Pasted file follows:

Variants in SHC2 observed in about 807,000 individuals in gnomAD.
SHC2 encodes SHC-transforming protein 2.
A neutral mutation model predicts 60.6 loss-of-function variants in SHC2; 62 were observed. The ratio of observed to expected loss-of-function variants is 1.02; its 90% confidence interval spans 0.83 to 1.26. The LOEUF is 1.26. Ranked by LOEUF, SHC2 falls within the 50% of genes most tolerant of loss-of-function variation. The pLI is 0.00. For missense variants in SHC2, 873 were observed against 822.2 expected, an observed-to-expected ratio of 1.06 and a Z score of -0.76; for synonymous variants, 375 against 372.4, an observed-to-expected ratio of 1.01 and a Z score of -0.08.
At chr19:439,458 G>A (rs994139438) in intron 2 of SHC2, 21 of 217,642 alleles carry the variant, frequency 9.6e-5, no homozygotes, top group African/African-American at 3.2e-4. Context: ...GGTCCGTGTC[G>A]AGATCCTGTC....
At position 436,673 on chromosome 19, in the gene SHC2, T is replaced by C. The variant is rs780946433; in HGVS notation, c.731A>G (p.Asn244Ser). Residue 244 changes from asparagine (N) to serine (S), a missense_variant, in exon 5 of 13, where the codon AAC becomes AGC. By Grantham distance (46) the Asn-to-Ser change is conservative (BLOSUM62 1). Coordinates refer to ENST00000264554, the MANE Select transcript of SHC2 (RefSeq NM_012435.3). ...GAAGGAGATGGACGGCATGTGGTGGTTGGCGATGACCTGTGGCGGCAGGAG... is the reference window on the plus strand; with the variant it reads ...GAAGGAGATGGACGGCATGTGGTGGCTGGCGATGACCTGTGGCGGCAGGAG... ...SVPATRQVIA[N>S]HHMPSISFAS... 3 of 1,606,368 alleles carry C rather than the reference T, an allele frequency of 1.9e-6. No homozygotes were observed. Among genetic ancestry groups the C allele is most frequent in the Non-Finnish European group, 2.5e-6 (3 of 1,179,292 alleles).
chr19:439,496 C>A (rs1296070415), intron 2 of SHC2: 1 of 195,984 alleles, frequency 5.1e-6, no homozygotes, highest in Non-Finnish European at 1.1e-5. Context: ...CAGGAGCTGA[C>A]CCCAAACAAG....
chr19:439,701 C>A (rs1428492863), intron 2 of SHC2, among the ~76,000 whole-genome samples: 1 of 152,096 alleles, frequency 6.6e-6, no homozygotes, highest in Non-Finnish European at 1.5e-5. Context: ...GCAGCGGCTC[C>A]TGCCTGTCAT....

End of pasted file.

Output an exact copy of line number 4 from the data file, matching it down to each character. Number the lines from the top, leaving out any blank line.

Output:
At chr19:439,458 G>A (rs994139438) in intron 2 of SHC2, 21 of 217,642 alleles carry the variant, frequency 9.6e-5, no homozygotes, top group African/African-American at 3.2e-4. Context: ...GGTCCGTGTC[G>A]AGATCCTGTC....